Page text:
Brute facts and normative implications

Brute facts and normative implications

Understanding human-animal interactions

Interdisciplinary satellite symposium of the ISAZ 2014 at the Messerli Research Institute

The Messerli Research Institute (MRI) investigates principles and foundations of the interaction between humans and animals. The work is carried out within the fields of comparative cognition and behavior, comparative medicine and ethics. Key findings serve as a basis on which human-animal interactions can be examined in a practically oriented manner. Furthering our knowledge of the degree to which cognitive, emotional and moral capabilities in animals are analogous to those capacities in humans is the aim of the comparative cognition unit. The focus of the ethics and human-animal studies group is to scrutinize the moral relevance of scientific findings, to develop convincing criteria and methods in animal ethics and to clarify the implications of this research for human-animal interactions. Comparative medical research aims at the promotion of human and animal health in various medical fields, such as cancer research, allergology and nutritional sciences.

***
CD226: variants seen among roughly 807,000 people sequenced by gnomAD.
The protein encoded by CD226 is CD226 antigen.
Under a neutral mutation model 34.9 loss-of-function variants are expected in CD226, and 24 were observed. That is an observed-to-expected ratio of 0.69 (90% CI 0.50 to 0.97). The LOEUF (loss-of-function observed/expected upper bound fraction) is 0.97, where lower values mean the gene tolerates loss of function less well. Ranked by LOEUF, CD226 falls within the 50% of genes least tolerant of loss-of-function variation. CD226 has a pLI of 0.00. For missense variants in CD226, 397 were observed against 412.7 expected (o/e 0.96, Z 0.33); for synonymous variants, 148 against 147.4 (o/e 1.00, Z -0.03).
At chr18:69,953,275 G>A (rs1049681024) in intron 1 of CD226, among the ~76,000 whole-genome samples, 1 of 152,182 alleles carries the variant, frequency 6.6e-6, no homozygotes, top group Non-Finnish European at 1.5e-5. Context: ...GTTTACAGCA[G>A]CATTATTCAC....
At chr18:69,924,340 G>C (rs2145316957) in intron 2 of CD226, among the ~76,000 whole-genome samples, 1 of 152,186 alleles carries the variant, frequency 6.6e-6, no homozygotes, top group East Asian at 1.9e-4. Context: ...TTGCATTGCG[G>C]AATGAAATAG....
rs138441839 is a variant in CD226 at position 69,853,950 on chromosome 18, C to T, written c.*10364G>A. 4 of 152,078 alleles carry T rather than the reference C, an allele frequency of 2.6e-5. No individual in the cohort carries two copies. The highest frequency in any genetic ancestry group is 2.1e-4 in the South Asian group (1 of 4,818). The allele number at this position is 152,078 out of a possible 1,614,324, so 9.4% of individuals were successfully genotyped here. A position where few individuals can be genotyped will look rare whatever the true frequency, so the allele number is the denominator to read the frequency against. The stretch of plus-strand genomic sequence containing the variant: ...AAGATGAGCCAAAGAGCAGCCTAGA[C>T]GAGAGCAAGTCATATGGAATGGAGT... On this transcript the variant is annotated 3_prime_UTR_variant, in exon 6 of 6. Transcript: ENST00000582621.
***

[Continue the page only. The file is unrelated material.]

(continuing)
Further information:

Against this background, the satellite symposium aims at an interdisciplinary discussion of issues in human-animal interactions, including the following topics:

Cognition and ethics
Ethology and ethics
Ethics in animal experimentation
Cost-benefit analysis in medical research
Moral agency in animals
Philosophy of mind and ethics
Veterinary ethics

Format: 2 keynote lectures, up to 7 talks (à 20 min), 2 panel discussions, posters & wine
Start: 9am

Keynote speakers:

Prof. Mark Rowlands (University of Miami)

We invite pre- and postdoctoral researchers to submit a proposal for an oral or poster presentation via the main ISAZ submission and registration system. Please note that interdisciplinary contributions will be preferred in the evaluation procedure.

Organizers: Herwig Grimm, Erika Jensen-Jarolim, Ludwig Huber